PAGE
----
Editorial (Review of Business and Economic Studies)

Importance of information value issues in finance and economics can hardly be overestimated. Information is reflected (or not) in market prices; price itself could be used to predict major turmoils in economy; information use (or misuse) determines asset managers performance (or underperformance); market participants use information about central banks’ actions and econometric links between major macroeconomic variables to form their expectations about inflation and exchange rates; investment bankers use information about firm’s past fundamentals to hypothesize on its future value; local firms can learn from actions of multinational enterprises – i.e. copy information – to increase productivity, etc. Coincidence or not, but each paper in the current, 7th, issue of Review of Business and Economic Studies is somehow related to various aspects of the information impact on performance of firms, markets, its actors, and economy as a whole. And this is the reason why we’ve chosen to dedicate infographics on the second page of the cover to the topic of stock market information flows impact on each other. The model, outputs of which are visualized by Valery Barmin, allows to capture some aspects of information sharing regime changes as a result of crises. In fact, during major economic turmoils, regional information sets (i.e. sets that are supposed to be relevant only for regional stocks) become more globalized, market participants are sharing the same news flow. We can hypothesize, that under extreme uncertainty traders (probably, irrationally) are looking for any additional information piece, which could shed light on future. In turn, that leads to spontaneous coordination of market participants, which makes assets co-move together in times of financial turmoil. Further, we can observe some signs of habit formation: there is some evidence, though weak, that when situation stabilizes, information flow sharing decreases, but general patterns sustain, leading to more co-movement between assets. Assets co-movement, especially during crises, brings its own risks, creating huge obstacle to diversification. Quality of diversification is obviously one of the most disputable topics in modern quantitative finance. Boris Valilyev’s piece "Using Intrinsic Time in Portfolio Optimization" in current issue of our journal contributes to the field in two important ways. He uses mixture of distribution hypothesis to obtain nearly-normal returns, which then can be used to calculate historical estimates of market returns. His approach assumes applying concept of intrinsic time, which became well-known since seminal work by Clark, published in 1973 in *От редакции. Econometrica1. Boris Vasilyev deforms return series timescale across volume domain. By doing that he obtains series, that are slightly asynchronous in time domain, but instead synchronous in volume domain. According to mixture of distribution hypothesis, volume could be regarded as proxy for information arrival process, and information is regarded as the sum of all the forces, that drive prices. Returns are almost normal, but can we use asynchronous returns when building portfolio, which assumes simultaneity in trading? Boris Vasilyev offers his own solution to the problem; and by doing it, he, at the same time, develops his own way of covariance matrices robust estimation, which has solid ground in economic science. Empirical analysis performed by Vasilyev shows, that raw estimates of covariance matrices, obtained through this procedure, appear to be superior in terms of diagonality even to shrinked estimates. Efficiency frontiers built with these estimates strongly dominate frontiers build using all traditional approaches. This is definitely a breakthrough in portfolio management science. Another important and disputable issue in finance is what part of information set is reflected in prices. Ta Cong in his paper "Is There a Dividend Month Premium? Evidence from Japan" discusses, how stock market responds to news about firm’s dividend distribution decisions. Although he uses standard approach of building with-dividends and without-dividends portfolios and regressing its returns in CAPM, Fama-French and Carhart models, his findings contradict to previous evidence. He postulates regional differences in market reaction to dividend announcements. Dividend payers have always been regarded as value companies, paying to investor a premium over growth firms; but on Japanese market, as Ta Cong shows, dividend payers have negative premium over dividend non-payers. In fact, this means that information about dividends have negative value to investors in Japanese market – a puzzling finding.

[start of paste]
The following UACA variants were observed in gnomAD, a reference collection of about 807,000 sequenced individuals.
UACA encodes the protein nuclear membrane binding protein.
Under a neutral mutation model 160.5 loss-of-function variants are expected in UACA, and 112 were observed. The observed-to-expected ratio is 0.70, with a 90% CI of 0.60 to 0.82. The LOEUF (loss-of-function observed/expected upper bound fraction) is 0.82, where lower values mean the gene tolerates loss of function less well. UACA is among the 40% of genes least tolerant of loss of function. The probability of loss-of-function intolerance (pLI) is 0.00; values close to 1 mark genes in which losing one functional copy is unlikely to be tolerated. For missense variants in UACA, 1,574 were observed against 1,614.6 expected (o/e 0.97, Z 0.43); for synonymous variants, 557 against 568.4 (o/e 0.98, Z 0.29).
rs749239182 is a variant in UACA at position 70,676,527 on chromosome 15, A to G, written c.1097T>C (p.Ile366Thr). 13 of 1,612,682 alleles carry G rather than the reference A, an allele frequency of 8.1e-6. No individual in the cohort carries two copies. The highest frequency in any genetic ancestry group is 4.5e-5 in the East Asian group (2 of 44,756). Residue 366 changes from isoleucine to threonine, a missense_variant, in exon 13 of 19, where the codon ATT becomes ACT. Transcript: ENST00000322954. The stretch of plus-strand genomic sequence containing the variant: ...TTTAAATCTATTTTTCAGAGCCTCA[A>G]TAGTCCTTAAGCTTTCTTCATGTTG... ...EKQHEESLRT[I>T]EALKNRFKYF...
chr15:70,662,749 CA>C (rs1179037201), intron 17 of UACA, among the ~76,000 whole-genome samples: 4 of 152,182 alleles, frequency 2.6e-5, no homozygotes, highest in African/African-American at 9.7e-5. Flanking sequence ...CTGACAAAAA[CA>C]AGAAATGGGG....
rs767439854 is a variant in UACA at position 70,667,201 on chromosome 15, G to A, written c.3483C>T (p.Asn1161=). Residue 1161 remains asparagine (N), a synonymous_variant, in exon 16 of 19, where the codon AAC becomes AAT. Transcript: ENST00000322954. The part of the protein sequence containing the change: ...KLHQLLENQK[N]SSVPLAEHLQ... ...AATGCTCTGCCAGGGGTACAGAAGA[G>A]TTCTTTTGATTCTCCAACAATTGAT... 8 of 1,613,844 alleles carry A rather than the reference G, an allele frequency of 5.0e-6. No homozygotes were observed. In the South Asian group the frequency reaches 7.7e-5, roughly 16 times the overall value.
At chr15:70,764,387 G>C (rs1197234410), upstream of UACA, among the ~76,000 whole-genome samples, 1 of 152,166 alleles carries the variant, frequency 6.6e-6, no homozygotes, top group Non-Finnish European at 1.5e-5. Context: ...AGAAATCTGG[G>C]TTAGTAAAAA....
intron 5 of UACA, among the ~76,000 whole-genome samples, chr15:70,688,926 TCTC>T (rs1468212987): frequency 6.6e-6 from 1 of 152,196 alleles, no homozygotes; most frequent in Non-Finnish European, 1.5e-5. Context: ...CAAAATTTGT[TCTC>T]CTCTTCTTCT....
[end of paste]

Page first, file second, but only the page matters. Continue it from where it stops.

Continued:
Экономика и экономические науки

Вуз: Финансовый университет при Правительстве Российской Федерации

ID: 57034f795f1be732869d6f2e
UUID: a2158560-dd1e-0133-2314-525400003e20
Язык: Английский
Опубликовано: около 8 лет назад
Просмотры: 10


Alexander Didenko

Финансовый университет при Правительстве Российской Федерации


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